Using a chicken as a steadicam

This has been circulating around the net for a bit. For those that haven’t seen it, let me just give you a quick rundown of what is happening. This guy strapped a camera to a chicken’s head. No really, that’s it. There’s some interesting science behind it though. He’s taking advantage of the Vestibulo-Ocular Reflex in the chicken.  It is basically the reflex that we use to keep our eyes firmly focused on something while our head is moving. In a chicken however, they move their entire head. This means that he can strap a camera to the chicken’s head and have an instant steadicam. At least that is the theory. As you can see in the video after the break, the harder part is getting the chicken to look at what you want it to look at. We also found a conversation about it with the creator,[MrPennywhistle] in some reddit comments.


  1. Rachel says:

    My concern over the small cameras is how they react to motion. Quick movements or shaking blurs like crazy, and causes chromatic errors in colour cameras. My guess is the oscillator is responding to the motion, but I’m not really sure.

    Sorry, but the chicken certainly wasn’t looking at the microwave. Because their eyes are on the sides of their head, chickens and other birds have the least acuity for objects directly in front of them. It’s why they always tip their head to the side: so they can view you straight on. It makes the reflex a bit more puzzling.

  2. nyder says:

    not a surprise.

    Back when I was a kid, we had some chickens & a rooster, and if you held the chickens, and moved them around, their heads would stay in the same place.

  3. nyder says:


    wow, you just said that 720p wasn’t HD.

    1280×1024 is more pixels then 1280×720.

    1280x720p is considered HD

  4. Koro says:

    Yeah,my bad. I was thinking about full HD (1080p).

  5. Rachel says:

    HD is overrated. I’ll take an SD camera with high quality optics and a decent codec over a mini fixed focus mpeginized HD camera any day.

  6. Elhanan says:

    Not quite a steadicam, but more like the AR rig, it attaches to the steadicam rig and always keeps the camera level with the horizon. Really neat rig we use sometimes. I’ve been thinking of building my own smaller version.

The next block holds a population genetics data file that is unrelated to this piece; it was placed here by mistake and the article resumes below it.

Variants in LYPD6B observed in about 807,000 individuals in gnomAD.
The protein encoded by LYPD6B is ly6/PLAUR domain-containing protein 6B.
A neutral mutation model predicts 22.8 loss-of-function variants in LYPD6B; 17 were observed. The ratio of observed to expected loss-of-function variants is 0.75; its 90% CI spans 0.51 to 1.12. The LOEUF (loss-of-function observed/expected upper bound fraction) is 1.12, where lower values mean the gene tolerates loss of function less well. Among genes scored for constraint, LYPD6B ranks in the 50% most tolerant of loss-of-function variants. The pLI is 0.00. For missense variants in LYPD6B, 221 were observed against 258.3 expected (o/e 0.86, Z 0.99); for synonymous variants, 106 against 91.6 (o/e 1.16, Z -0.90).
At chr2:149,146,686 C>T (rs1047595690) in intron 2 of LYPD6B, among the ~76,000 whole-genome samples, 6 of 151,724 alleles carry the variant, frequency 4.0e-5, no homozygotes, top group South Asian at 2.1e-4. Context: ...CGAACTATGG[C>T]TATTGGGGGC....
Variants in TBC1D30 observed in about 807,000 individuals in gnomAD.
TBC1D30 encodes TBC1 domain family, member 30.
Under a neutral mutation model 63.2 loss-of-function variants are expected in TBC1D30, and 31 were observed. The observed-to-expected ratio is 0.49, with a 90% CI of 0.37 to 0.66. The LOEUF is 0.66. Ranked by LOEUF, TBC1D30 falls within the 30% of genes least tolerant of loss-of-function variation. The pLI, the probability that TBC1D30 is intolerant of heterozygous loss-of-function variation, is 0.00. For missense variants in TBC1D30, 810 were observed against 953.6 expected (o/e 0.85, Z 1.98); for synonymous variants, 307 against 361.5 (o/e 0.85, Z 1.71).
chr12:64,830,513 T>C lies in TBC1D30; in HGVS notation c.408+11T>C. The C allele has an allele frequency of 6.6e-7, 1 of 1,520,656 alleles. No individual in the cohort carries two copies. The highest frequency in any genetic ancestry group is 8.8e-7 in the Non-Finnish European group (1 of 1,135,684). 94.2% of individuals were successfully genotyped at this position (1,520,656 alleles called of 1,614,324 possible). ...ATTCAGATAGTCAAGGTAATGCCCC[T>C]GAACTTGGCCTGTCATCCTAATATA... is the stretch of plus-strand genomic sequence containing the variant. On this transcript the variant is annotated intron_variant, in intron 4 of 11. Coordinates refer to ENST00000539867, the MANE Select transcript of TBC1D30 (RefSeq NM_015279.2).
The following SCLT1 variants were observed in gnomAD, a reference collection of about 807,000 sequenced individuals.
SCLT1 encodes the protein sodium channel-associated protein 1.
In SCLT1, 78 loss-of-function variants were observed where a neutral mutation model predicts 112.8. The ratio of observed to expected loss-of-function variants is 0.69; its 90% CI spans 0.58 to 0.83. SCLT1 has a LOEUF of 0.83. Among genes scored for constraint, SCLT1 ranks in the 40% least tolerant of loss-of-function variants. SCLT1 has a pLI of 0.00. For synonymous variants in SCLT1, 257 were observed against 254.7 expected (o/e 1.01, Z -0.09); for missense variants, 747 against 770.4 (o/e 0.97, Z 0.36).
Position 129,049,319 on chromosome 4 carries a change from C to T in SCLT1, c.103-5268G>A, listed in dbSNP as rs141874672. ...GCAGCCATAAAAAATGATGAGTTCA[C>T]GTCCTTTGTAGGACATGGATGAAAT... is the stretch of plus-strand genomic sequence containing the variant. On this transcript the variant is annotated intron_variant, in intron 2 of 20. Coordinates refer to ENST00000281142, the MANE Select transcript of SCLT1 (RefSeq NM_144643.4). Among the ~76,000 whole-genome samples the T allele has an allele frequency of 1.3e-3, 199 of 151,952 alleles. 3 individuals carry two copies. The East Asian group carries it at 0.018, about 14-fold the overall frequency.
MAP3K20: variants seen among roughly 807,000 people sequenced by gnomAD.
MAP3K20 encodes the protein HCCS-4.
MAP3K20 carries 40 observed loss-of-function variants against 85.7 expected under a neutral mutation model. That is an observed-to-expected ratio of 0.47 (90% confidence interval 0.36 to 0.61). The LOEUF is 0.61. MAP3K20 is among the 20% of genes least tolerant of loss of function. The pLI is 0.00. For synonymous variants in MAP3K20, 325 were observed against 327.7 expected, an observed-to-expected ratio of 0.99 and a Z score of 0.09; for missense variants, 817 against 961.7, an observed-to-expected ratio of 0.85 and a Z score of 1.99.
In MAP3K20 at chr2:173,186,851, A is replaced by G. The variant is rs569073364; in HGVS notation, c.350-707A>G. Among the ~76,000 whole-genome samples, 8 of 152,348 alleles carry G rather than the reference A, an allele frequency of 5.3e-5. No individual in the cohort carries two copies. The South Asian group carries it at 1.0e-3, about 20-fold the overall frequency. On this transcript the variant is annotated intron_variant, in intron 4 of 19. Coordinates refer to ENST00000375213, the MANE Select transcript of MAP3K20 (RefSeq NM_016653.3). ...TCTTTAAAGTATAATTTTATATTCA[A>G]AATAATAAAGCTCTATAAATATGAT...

7. Remarknl says:

    @ Rachel

    chromatic errors are probably caused by the media processor. It has hardware mpeg encoding so the load gets much much higher when you are shaking the camera. It has to transport more data. Avi files of the same resolution and length with the same camera that move a lot and are dynamic, are generally larger than movies of a still scene…mpeg is pretty smart! chromatic errors are due to the fact that color channels are read in series. Sometimes the processor just skips one to keep up with the cmos. Thats(among many other things) why they are around 10$ and proper cams are twenty times the price.

  8. Rachel says:

    No, it’s definitely not a codec artifact. I’ve seen the same effect with mini hardwired composite video cameras. They definitely seem to be sensitive to inertia, since they don’t have this problem if they’re held still while the subject moves.

  9. Remarknl says:

    @ rachel

    well, if you say so…
    Anyway. Have a look at this link:
    It describes all the problems with the camera such as the frameloss.

    I dont think crystals have enough mass to be disturbed by a little g-force.

  10. nes says:

    @Rachel: Actually that could be an artefact of the interlacing. Cheaper cameras do not store the frame before reading it out. Instead they scan directly field by field.

    When encoding to mpeg > 1, the first stage is doing 4:2:0 chroma separation, i.e. one chroma sample is averaged over each group of four pixels in a 2×2 square. If two of those pixels is half a frame older than the other two, that can introduce errors in the color around the edges of moving objects.

    HD cameras quite often scan progressively. so this sort of thing isn’t such a problem.

  11. j s says:

    Are you speaking of an Orlov hen? We used to have one; they’re beautiful birds whose plumage is closer to a hawk or eagle than that of a chicken.

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